Donn's Articles » Chris Jones

Chris Jones

Chris Jones is sitting in his office in Dublin city centre, talking about Klairon Davis.

“He was an amazing horse all right,” he is saying.  “The Arkle, the Champion Chase, two BMW Chases.  He won seven races in a row in 1993/94.  And he’s still enjoying life out with us at Killeen, 28 years old.  But he doesn’t seem to know that.”

Klairon Davis was owned by Chris’ late father, also Chris, but Chris kept the same colours, the exact same, all the way up to the hooped cap, and he kept the same registered owner’s name, C Jones.

“We’re superstitious like that.  Don’t change anything.  Dad got a great kick out of his racing right up until he passed away in 2013, out of the horses that raced in those colours, so we figured, why change?”

No reason.  The results continue to roll.  Tiger Cry won the Grand Annual at Cheltenham in 2008, What A Charm won the Fred Winter Hurdle there three years later.  Zabana won the Growise Champion Novice Chase at Punchestown in April last year, Noble Endeavor won the Paddy Power Chase last December, Mega Fortune won the Spring Juvenile Hurdle in February.  And Mala Beach, trained by Gordon Elliott and winner of the Galmoy Hurdle in 2014, leads the Jones charge in the Troytown Chase at Navan today.

“Mala Beach has been an unlucky horse,” says the owner.  “He was only just beaten in a Thyestes Chase, and he fell when he was in front and travelling like a winner in a Bobbyjo Chase.  He missed a year and a half, but we have him back now.” 

It was a chipped bone in his knee that kept Mala Beach off the track after the Irish Grand National in March 2016, but his return at Galway last month could hardly have gone better.  He travelled well through his race for Davy Russell, he jumped well, and he stayed on well up the hill to finish a close-up second behind A Genie In Abottle.  After that, today’s race was always the plan. 

“We entered him in the Ladbrokes Trophy, the old Hennessy Gold Cup, at Newbury next Saturday, and he’s also entered in the Becher Chase and the Welsh National after Christmas, but the Troytown is the race for him.  It’s our local track, and we think the race will suit him.”

The Jones colours will be doubly represented in today’s race, with Space Cadet also set to take his chance.

“Space Cadet had a really nasty experience in the Leinster National at Naas last March.  A piece of birch went up through the front of his hoof right up into his pastern, lodged.  We had a really tough time getting him back, he may need the run a little on Sunday, but he is well.”

Jones’ goal is to run a streamlined operation with a concentration on quality.  Keep the numbers down and the quality high.  All the young horses are pre-trained at his 200-acre farm Killeen Glebe, beside Dunsany in County Meath, under the watchful eyes of Andy Lynch and Gearóid O’Loughlin, before they join their trainers.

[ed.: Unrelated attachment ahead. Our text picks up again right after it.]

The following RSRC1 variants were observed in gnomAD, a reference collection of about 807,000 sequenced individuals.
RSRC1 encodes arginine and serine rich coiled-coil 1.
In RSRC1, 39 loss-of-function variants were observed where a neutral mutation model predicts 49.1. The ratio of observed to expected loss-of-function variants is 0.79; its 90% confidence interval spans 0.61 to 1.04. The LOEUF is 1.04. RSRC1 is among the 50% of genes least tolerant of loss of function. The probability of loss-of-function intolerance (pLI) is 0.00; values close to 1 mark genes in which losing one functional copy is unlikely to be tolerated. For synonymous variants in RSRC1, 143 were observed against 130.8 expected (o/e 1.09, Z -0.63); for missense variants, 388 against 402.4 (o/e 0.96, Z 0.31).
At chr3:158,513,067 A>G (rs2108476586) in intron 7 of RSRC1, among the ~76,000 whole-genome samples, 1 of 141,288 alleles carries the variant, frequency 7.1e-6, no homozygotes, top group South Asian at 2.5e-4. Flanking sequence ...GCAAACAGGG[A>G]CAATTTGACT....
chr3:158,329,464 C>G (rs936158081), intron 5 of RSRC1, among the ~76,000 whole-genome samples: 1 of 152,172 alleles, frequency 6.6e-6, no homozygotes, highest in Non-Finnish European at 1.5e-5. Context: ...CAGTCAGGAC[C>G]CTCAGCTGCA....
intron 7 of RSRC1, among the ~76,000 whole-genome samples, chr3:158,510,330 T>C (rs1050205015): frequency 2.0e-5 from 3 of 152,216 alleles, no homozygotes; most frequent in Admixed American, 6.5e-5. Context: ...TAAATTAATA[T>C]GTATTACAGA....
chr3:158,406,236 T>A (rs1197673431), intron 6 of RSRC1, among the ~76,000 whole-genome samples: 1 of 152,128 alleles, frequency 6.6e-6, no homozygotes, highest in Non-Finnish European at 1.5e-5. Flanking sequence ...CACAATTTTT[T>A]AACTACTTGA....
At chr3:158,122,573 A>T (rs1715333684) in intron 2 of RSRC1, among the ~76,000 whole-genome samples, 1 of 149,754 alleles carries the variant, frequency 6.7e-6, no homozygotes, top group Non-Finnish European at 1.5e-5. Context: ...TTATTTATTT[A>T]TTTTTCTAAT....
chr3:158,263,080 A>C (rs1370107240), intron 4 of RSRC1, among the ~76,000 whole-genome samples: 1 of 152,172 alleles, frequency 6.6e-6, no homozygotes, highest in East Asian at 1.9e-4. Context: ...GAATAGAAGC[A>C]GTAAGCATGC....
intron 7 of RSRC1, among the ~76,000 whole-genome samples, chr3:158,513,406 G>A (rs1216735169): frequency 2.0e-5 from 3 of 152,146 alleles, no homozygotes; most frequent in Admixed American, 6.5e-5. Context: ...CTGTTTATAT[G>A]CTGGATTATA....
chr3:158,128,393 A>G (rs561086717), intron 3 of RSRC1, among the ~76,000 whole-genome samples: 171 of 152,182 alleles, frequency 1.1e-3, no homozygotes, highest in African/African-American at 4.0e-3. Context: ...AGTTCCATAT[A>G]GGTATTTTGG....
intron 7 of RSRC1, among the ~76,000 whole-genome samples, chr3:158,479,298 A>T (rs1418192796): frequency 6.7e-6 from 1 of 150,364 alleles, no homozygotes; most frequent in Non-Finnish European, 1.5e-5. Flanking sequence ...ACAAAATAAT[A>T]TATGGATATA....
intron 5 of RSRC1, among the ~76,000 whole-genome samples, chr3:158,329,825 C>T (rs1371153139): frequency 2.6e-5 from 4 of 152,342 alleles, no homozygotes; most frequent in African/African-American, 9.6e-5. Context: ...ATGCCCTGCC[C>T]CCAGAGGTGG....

“We try to match the horse to the trainer,” he says.  “We are very lucky to have top class trainers in Andy Lynch, Gordon Elliott, Arthur Moore and Henry de Bromhead.  We try to place the horses with the trainers we think will suit them best.”

It can be a tough game though.  Mega Fortune was killed when he fell at the second last flight when all set to win on his seasonal return at Limerick last month.

“That was difficult to take,” says Chris.  “He was a young horse with his whole life in front of him.  I’m usually okay at dealing with disappointment, but that was different.  I was quiet for a few days after that.  He’s still the screen-saver on my phone.”

Zabana is with Andy Lynch.

“Zabana is great.  He just wasn’t well through the middle of last season.  He’s well now though.  He’d eat you in the yard.  His run to finish third at Down Royal last time was a really good run on ground that he wouldn’t have liked.  Davy came in and said that the spark was still there.  He’s a real good ground horse, we’re not hard on him during the winter, and we know that we will have him for the spring festivals.”

Ben Dundee is now with Gordon Elliott.

“He was good on his return at Punchestown, wasn’t he?  We had him at home, he had sore shins, but he is great now, and he has grown up.  He will go for the big handicap hurdle at Fairyhouse next week.  Hopefully he will be sharp enough for two miles. Davy likes him.  We’re lucky to have a top class rider like Davy.”

The relationship with Davy Russell was initiated by Chris’ dad.  Both Corkmen, they hit it off straight away.

“Sure you know all about Davy.  He’s great in so many ways.  Great horseman, great rider, great with feedback.”

Ordinary World and Paloma Blue are both with Henry de Bromhead.

“Ordinary World is an absolute two-mile chaser.  He ran very well at Naas last time on ground that was too soft for him.  He will be entered in the Tingle Creek, and he will either go there or to Leopardstown at Christmas. 

“Paloma Blue didn’t jump well enough at Naas.  He’s a bit of a Jack-the-lad, down the back of the class type of character.  But I think he was going too slowly over two miles and three furlongs at Naas.  He is entered at Punchestown on Wednesday over two miles, and hopefully he will jump better at a faster pace.  I haven’t lost faith in him though, and Henry likes him a lot.”

Exciting times ahead.

© The Sunday Times, 26th November 2017